- Supplier/Procurement code of conduct The Society is committed to ensuring that its suppliers adhere to the highest standards of ethics. Suppliers are required to demonstrate that they provide safe working conditions where necessary, treat workers with dignity and respect, and act ethically and within the law in their use of labour. The Society plans to meet with all local suppliers to ensure that they meet these standards. However, serious violations of the Society’s supplier code of conduct will lead to the termination of the business relationship.
- Recruitment/Agency workers policy The Society has a robust recruitment policy and procedure which includes eligibility to work in the UK checks and explores other personal circumstances in an endeavour to safeguard against human trafficking. The Society, when appropriate, uses only specified, reputable employment agencies to source labour and always verifies the practices of any new agency it is using before accepting workers from that agency.
The Society undertakes due diligence when considering taking on new suppliers, and regularly reviews its existing suppliers. The Society's due diligence and reviews include:
- mapping the supply chain broadly to assess particular product or geographical risks of modern slavery and human trafficking;
- evaluating the modern slavery and human trafficking risks of each new supplier;
- reviewing on a regular basis all aspects of the supply chain based on the supply chain mapping;
- invoking sanctions against suppliers that fail to improve their performance in line with an action plan or seriously violate our supplier code of conduct.
The Society has reviewed its key performance indicators (KPIs) in light of the introduction of the Modern Slavery Act 2015. As a result, the Society is:
· requiring supply chain managers/HR professionals to have completed training on modern slavery by 31 March 2018.
· developing a system for supply chain verification expected to be in place by 30th April, whereby the Society evaluates potential suppliers before they enter the supply chain; and
- reviewing its existing supply chains expected to be completed by 30th April 2018, whereby the Society evaluates all existing suppliers.
The Society requires supply chain managers/HR professionals within the Society to complete training on modern slavery.
The Society's modern slavery training will cover:
· our business's purchasing practices, which influence supply chain conditions and which should therefore be designed to prevent purchases at unrealistically low prices, the use of labour engaged on unrealistically low wages or wages below a country's national minimum wage, or the provision of products by an unrealistic deadline;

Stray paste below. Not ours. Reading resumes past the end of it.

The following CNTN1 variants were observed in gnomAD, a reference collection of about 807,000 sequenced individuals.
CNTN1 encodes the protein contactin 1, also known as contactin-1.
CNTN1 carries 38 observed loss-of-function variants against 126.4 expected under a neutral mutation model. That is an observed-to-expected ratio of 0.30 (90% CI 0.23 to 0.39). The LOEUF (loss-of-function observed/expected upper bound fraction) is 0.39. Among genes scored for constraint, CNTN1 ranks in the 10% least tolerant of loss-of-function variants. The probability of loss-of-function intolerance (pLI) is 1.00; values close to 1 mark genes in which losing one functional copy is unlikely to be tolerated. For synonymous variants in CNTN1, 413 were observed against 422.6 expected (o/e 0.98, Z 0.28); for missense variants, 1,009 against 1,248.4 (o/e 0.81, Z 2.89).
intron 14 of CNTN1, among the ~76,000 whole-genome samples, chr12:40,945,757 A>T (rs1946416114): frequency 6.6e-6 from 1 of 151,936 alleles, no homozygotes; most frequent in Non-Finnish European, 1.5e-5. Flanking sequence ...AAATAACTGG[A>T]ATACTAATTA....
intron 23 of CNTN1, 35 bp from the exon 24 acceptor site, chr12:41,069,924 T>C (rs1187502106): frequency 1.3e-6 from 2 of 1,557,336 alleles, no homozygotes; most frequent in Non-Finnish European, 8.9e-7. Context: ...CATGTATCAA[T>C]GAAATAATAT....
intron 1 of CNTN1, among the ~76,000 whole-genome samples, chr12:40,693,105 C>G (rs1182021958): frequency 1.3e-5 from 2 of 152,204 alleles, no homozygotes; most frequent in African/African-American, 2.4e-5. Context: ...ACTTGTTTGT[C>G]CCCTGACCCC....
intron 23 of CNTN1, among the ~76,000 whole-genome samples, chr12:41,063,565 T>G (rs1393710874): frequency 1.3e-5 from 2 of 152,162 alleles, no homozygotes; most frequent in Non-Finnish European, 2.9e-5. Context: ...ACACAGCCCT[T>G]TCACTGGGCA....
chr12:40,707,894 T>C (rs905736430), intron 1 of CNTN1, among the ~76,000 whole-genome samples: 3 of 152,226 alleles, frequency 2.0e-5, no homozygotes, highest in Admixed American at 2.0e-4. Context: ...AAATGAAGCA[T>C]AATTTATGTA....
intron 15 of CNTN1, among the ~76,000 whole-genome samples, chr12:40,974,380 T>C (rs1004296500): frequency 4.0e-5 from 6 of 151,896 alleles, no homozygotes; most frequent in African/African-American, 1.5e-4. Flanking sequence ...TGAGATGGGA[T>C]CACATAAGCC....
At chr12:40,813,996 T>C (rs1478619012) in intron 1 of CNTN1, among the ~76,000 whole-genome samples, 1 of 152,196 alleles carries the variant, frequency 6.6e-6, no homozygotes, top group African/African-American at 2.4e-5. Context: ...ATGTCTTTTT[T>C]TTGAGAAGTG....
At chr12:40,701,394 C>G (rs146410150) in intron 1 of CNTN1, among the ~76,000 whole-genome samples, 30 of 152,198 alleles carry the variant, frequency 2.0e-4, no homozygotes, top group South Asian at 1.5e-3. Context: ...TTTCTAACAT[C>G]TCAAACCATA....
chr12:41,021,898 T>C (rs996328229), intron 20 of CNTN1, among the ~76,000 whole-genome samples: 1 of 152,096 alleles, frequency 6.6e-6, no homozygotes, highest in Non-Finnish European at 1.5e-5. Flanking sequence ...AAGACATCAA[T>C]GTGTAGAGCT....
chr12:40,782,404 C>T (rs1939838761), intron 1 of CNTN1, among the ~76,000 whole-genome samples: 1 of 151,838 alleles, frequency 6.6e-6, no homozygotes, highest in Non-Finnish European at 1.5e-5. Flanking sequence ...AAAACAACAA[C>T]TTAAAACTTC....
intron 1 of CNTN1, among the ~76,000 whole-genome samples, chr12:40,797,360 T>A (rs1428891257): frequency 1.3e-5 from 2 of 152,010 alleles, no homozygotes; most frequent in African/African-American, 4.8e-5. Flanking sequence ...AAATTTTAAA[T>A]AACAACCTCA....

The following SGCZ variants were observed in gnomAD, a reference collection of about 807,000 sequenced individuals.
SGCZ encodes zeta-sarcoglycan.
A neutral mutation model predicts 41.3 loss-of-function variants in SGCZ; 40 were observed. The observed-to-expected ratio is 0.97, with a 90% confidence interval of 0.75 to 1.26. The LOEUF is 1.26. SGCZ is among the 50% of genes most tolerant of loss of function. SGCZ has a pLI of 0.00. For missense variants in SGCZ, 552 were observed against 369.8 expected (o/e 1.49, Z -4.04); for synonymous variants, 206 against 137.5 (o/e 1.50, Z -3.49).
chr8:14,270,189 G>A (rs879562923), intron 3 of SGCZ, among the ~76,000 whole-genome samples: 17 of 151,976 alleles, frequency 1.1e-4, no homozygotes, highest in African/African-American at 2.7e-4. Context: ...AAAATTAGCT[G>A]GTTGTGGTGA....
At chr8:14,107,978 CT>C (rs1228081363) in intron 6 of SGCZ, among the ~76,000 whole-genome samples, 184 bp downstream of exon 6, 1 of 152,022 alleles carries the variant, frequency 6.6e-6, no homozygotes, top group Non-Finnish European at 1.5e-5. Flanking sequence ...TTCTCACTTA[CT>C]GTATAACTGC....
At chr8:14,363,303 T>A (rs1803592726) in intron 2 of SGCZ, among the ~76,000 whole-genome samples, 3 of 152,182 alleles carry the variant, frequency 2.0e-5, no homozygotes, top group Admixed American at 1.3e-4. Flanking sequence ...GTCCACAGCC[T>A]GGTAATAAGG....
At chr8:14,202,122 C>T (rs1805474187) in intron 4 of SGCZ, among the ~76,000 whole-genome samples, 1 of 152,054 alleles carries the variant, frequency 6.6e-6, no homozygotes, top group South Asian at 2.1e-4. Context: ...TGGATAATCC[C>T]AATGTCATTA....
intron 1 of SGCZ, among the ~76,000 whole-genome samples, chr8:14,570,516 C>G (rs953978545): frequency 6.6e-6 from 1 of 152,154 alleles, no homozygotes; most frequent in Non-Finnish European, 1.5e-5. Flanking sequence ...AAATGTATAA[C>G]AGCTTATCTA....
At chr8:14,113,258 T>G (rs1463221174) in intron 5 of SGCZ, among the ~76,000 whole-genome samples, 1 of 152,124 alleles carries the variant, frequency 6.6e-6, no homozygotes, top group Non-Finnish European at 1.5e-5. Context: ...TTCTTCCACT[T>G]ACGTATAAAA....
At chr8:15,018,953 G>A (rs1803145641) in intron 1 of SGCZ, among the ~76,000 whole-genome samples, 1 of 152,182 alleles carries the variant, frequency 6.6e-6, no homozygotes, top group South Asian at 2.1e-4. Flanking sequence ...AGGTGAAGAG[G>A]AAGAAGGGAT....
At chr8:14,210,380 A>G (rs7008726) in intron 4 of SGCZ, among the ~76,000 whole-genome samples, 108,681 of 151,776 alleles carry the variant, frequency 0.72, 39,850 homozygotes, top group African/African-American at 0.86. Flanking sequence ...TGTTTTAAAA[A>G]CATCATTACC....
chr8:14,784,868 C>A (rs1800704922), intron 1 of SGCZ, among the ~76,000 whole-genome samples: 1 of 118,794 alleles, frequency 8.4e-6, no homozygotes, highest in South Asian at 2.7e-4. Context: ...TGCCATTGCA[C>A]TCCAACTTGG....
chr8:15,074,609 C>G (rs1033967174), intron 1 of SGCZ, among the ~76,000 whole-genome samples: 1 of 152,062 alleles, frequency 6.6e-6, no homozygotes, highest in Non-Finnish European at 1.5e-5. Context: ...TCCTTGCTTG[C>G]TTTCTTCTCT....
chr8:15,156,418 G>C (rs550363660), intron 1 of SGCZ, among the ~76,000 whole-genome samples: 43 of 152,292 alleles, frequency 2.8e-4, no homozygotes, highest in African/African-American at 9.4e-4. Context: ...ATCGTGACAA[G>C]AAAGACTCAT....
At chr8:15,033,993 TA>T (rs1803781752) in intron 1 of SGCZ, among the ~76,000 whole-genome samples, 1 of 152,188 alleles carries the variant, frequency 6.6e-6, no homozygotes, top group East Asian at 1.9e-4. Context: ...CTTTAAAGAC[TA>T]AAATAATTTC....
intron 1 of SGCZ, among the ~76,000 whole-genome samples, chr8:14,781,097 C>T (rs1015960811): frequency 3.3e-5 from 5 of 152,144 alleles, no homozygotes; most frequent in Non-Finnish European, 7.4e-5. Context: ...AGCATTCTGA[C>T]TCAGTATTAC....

· how to assess the risk of slavery and human trafficking in relation to various aspects of the business, including resources and support available;
- how to identify the signs of slavery and human trafficking;
- what initial steps should be taken if slavery or human trafficking is suspected;
- how to escalate potential slavery or human trafficking issues to the relevant parties within the Society;
- what steps the Society should take if suppliers or contractors do not implement anti-slavery policies in high-risk scenarios, including their removal from the Society's supply chains.
As well as training staff, the Society has formulated a raised awareness of modern slavery issues by distributing flyers to staff/putting up posters across the Society's premises/circulating a series of emails to staff.
The flyers/posters/emails explain to staff:
- the basic principles of the Modern Slavery Act 2015;
- how employers can identify and prevent slavery and human trafficking;
- what employees can do to flag up potential slavery or human trafficking issues to the relevant parties within the Society; and
- what external help is available, for example through the Modern Slavery Helpline.
This statement has been approved by the Society's board of directors who will review and update it annually.
Director's name: Jeremy Fricker
Date: February 2018